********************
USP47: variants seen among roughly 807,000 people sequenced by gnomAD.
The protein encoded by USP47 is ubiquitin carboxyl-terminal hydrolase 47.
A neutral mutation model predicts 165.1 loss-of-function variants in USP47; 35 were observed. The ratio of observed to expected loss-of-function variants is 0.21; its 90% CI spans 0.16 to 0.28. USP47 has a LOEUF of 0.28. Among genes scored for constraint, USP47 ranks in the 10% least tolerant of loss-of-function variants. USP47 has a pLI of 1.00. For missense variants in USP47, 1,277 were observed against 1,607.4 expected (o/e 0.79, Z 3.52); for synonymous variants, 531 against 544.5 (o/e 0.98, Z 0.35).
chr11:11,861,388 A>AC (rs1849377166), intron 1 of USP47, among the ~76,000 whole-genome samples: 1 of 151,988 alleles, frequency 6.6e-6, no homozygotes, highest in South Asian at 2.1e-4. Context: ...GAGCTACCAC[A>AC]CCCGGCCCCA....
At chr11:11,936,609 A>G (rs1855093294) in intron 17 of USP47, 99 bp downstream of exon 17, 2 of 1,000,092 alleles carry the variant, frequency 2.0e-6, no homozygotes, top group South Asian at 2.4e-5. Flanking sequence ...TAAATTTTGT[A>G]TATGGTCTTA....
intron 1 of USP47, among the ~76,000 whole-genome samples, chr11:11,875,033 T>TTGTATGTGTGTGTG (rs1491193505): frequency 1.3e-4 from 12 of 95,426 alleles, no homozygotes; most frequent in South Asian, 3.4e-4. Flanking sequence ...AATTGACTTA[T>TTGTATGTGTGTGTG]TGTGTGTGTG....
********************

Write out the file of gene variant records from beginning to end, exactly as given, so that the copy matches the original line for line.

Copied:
USP47: variants seen among roughly 807,000 people sequenced by gnomAD.
The protein encoded by USP47 is ubiquitin carboxyl-terminal hydrolase 47.
A neutral mutation model predicts 165.1 loss-of-function variants in USP47; 35 were observed. The ratio of observed to expected loss-of-function variants is 0.21; its 90% CI spans 0.16 to 0.28. USP47 has a LOEUF of 0.28. Among genes scored for constraint, USP47 ranks in the 10% least tolerant of loss-of-function variants. USP47 has a pLI of 1.00. For missense variants in USP47, 1,277 were observed against 1,607.4 expected (o/e 0.79, Z 3.52); for synonymous variants, 531 against 544.5 (o/e 0.98, Z 0.35).
chr11:11,861,388 A>AC (rs1849377166), intron 1 of USP47, among the ~76,000 whole-genome samples: 1 of 151,988 alleles, frequency 6.6e-6, no homozygotes, highest in South Asian at 2.1e-4. Context: ...GAGCTACCAC[A>AC]CCCGGCCCCA....
At chr11:11,936,609 A>G (rs1855093294) in intron 17 of USP47, 99 bp downstream of exon 17, 2 of 1,000,092 alleles carry the variant, frequency 2.0e-6, no homozygotes, top group South Asian at 2.4e-5. Flanking sequence ...TAAATTTTGT[A>G]TATGGTCTTA....
intron 1 of USP47, among the ~76,000 whole-genome samples, chr11:11,875,033 T>TTGTATGTGTGTGTG (rs1491193505): frequency 1.3e-4 from 12 of 95,426 alleles, no homozygotes; most frequent in South Asian, 3.4e-4. Flanking sequence ...AATTGACTTA[T>TTGTATGTGTGTGTG]TGTGTGTGTG....